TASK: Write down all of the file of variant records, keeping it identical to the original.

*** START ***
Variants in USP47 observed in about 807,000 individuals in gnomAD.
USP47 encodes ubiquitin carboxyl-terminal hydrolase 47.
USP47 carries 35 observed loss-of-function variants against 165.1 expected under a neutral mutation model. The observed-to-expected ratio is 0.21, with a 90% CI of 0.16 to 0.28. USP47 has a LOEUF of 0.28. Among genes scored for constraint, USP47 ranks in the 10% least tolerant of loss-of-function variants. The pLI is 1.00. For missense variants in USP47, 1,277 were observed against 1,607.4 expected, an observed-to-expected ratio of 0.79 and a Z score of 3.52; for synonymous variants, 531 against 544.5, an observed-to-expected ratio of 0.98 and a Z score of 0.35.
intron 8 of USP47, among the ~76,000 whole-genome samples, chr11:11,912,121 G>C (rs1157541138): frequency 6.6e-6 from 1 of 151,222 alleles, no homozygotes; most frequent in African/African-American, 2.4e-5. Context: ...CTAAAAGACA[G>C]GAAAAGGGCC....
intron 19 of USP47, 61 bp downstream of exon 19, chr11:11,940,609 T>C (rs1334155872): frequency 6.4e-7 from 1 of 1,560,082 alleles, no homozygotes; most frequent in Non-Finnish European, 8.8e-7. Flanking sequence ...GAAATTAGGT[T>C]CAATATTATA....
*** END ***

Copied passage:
Variants in USP47 observed in about 807,000 individuals in gnomAD.
USP47 encodes ubiquitin carboxyl-terminal hydrolase 47.
USP47 carries 35 observed loss-of-function variants against 165.1 expected under a neutral mutation model. The observed-to-expected ratio is 0.21, with a 90% CI of 0.16 to 0.28. USP47 has a LOEUF of 0.28. Among genes scored for constraint, USP47 ranks in the 10% least tolerant of loss-of-function variants. The pLI is 1.00. For missense variants in USP47, 1,277 were observed against 1,607.4 expected, an observed-to-expected ratio of 0.79 and a Z score of 3.52; for synonymous variants, 531 against 544.5, an observed-to-expected ratio of 0.98 and a Z score of 0.35.
intron 8 of USP47, among the ~76,000 whole-genome samples, chr11:11,912,121 G>C (rs1157541138): frequency 6.6e-6 from 1 of 151,222 alleles, no homozygotes; most frequent in African/African-American, 2.4e-5. Context: ...CTAAAAGACA[G>C]GAAAAGGGCC....
intron 19 of USP47, 61 bp downstream of exon 19, chr11:11,940,609 T>C (rs1334155872): frequency 6.4e-7 from 1 of 1,560,082 alleles, no homozygotes; most frequent in Non-Finnish European, 8.8e-7. Flanking sequence ...GAAATTAGGT[T>C]CAATATTATA....